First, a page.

Piaggio Gita, An Autonomous Two-Wheeler for the Future

When you think of the Piaggio Group, in terms of its two-wheeled creations, your thoughts probably conjure up images of motorcycles made by Aprilia or Moto Guzzi, or maybe a scooter with a Vespa badge on it. Surely, the Gita is not what first comes first to your mind, but it might be the most impactful idea from the Italian brand to-date. Sure, the brightly colored self-balancing rolling cylinder doesn’t seem like much of a novel creation, even with its ability to follow its owner, or autonomously navigate a prescribed route. But then again, you have probably been carrying stuff around in our arms, or on your back, like a big sucker.

2018 KTM 790 Duke Spotted in the Wild

We know that we can expect a finalized version of the KTM 790 Duke at this year’s EICMA show in Milan, so it shouldn’t be surprising to hear that the streetfighter model has been caught testing by spy photographers. The bike’s parallel-twin engine can clearly be spotted in the pictures, tipping us to its model, and many of the lines from the prototype machine remain, as further clues. Though, noticeable differences include a new tail section design, different exhaust, as well as a headlight. The headlight is clearly derived from KTM’s new design language, and its shape mimics what we’ve seen already added to the Duke, Super Duke, and Adventure lineup. The KTM 790 Duke prototype hinted that we would see a similar face in the new hoon-machine, so no surprises there.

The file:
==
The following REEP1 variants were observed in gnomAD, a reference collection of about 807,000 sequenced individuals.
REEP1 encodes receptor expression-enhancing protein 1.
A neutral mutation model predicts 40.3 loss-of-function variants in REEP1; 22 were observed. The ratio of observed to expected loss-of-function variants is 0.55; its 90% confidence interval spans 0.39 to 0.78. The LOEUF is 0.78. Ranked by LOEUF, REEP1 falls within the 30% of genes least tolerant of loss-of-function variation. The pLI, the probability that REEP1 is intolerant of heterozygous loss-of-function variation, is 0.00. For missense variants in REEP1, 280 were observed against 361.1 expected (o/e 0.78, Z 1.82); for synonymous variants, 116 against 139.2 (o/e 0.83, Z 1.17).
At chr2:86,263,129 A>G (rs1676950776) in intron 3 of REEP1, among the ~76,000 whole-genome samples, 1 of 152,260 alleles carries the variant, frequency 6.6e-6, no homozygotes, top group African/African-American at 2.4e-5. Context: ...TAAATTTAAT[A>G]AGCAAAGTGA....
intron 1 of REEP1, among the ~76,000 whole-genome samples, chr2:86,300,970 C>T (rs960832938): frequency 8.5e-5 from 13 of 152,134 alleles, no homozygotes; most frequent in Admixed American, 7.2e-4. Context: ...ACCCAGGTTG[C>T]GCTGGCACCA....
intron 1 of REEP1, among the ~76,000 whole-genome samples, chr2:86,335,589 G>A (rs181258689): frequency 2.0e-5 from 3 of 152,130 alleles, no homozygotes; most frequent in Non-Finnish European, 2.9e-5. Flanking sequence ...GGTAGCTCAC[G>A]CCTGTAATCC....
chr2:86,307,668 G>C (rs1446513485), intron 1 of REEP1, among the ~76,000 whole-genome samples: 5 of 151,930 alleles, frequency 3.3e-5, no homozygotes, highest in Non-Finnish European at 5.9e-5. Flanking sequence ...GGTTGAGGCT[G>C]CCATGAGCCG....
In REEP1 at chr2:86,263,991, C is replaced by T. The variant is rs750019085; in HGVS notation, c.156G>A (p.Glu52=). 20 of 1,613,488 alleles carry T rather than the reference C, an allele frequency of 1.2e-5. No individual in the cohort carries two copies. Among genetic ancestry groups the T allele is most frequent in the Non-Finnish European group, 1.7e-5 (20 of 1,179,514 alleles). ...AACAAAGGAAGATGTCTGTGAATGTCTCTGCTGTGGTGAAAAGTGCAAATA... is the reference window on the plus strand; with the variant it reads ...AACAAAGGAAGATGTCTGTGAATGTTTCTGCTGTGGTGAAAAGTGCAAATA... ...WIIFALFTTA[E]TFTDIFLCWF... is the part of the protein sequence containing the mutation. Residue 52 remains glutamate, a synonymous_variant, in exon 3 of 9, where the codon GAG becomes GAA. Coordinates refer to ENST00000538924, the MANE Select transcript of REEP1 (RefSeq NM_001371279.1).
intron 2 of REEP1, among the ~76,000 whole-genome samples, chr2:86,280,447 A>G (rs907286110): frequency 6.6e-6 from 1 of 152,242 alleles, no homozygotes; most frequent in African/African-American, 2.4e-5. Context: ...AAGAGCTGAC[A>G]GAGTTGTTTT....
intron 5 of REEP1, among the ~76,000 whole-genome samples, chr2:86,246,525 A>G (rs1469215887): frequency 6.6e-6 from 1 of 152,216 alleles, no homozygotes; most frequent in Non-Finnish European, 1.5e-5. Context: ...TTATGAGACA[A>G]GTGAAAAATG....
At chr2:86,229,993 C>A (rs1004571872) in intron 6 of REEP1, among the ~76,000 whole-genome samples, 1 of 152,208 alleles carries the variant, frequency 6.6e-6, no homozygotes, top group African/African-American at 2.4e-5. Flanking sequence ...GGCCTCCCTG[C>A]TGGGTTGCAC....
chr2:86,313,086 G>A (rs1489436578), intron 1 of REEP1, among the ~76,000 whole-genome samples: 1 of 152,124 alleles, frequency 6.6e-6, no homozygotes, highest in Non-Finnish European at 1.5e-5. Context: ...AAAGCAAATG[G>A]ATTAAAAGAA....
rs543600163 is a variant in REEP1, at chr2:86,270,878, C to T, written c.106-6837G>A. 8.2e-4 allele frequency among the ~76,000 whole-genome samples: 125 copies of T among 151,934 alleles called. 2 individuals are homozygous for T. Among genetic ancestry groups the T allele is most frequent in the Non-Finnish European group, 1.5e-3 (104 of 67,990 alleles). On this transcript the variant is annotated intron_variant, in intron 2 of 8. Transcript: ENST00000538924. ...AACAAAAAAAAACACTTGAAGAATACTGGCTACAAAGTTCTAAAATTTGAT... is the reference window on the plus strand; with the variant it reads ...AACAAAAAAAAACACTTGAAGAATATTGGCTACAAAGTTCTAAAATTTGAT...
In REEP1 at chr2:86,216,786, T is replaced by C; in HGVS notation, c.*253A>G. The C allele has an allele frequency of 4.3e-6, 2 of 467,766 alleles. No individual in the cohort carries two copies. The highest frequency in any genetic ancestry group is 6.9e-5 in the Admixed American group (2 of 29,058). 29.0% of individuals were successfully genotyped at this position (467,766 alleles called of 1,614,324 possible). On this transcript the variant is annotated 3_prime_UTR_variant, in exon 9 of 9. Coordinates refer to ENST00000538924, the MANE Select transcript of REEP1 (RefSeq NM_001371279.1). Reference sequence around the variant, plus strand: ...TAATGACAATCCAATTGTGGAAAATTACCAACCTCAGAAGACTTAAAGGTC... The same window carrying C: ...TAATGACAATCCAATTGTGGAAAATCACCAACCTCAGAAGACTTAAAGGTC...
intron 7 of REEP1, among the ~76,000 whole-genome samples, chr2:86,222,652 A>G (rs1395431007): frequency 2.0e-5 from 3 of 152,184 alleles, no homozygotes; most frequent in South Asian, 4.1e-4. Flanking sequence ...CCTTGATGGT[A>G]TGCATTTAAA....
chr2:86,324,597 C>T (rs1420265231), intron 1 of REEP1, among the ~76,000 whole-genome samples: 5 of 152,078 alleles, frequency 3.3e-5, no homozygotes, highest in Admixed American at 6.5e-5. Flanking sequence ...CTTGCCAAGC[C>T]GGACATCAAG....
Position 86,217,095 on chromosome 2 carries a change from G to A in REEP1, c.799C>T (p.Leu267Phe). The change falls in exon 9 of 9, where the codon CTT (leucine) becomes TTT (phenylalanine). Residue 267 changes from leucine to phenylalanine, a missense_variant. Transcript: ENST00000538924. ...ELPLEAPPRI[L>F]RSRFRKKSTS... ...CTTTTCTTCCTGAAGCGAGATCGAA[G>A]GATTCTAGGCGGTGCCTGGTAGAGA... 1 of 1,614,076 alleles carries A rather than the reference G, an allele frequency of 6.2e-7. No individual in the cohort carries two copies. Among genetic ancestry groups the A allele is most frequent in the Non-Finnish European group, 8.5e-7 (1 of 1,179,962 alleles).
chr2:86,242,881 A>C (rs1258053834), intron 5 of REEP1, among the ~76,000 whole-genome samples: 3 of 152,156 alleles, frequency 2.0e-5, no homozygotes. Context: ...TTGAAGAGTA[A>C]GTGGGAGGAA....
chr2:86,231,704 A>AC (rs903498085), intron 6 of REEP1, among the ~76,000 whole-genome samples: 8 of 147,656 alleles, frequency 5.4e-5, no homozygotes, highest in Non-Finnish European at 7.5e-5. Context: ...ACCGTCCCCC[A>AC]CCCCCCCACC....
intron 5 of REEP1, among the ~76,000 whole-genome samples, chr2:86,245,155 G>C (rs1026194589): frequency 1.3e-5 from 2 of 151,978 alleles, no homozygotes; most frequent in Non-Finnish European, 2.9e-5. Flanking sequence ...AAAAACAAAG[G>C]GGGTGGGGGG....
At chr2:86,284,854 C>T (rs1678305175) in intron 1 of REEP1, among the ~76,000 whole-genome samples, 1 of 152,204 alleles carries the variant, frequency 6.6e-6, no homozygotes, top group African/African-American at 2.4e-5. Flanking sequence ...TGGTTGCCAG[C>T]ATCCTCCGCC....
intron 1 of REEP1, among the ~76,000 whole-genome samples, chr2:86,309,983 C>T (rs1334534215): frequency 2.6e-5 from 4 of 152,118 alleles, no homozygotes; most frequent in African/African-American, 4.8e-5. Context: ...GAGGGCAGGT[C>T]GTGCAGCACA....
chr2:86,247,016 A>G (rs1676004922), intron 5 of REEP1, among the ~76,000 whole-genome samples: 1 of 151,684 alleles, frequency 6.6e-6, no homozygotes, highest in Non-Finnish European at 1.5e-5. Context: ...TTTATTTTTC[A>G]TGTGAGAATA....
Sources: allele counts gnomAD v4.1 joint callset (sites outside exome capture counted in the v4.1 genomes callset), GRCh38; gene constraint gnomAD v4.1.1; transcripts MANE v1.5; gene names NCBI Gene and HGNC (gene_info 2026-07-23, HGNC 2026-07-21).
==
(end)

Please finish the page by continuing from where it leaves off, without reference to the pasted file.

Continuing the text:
Ducati’s 2017 World Superbike Team Debuts

Race teams continue to debut their 2017 liveries and riders, and this time around we feature the Aruba.it Racing – Ducati Superbike squad that will race in the World Superbike Championship. Chaz Davies of course returns to the team, and this season he will be joined by Marco Melandri. The duo will be an interesting pair to watch this season, with Davies holding onto his impressive form from the last-half of the 2016 season, and Melandri making his return to motorcycle racing, after sitting out last season. With 2017 to be the penultimate season for the Ducati Panigale R in the World Superbike Championship, the v-twin superbike has shown itself to be an extremely mature machine on the race track.

Imagining the 2018 Suzuki RM-Z450 Supermoto

It is a tremendous shame that the options for a road legal supermoto for are so limited, with the venerable Suzuki DR-Z400SM being the only offering in the 450cc on-road class. For virtually a decade, Suzuki has left the DR-Z basically unchanged – as it has done with many of its sport models – so we would love to see Suzuki and other manufacturers give this space more attention (a hat tip to Husqvarna for bringing the track-only FS450 to market, long with the 701 Supermoto). Although you can wake-up the DR-Z400 with a few simple modification, and there are a bevy of aftermarket kits that can punch the 398cc machine out in size, what we really want from Suzuki is a proper 450cc street supermoto – one that doesn’t stray too far from the brand’s current strong motocross offering. So, when we saw this little bit of Photoshop work by the folks at the German Suzuki dealership of DSR-Suzuki, we got a little excited.

Honda & Hitachi Join Forces on Electric Vehicle Motors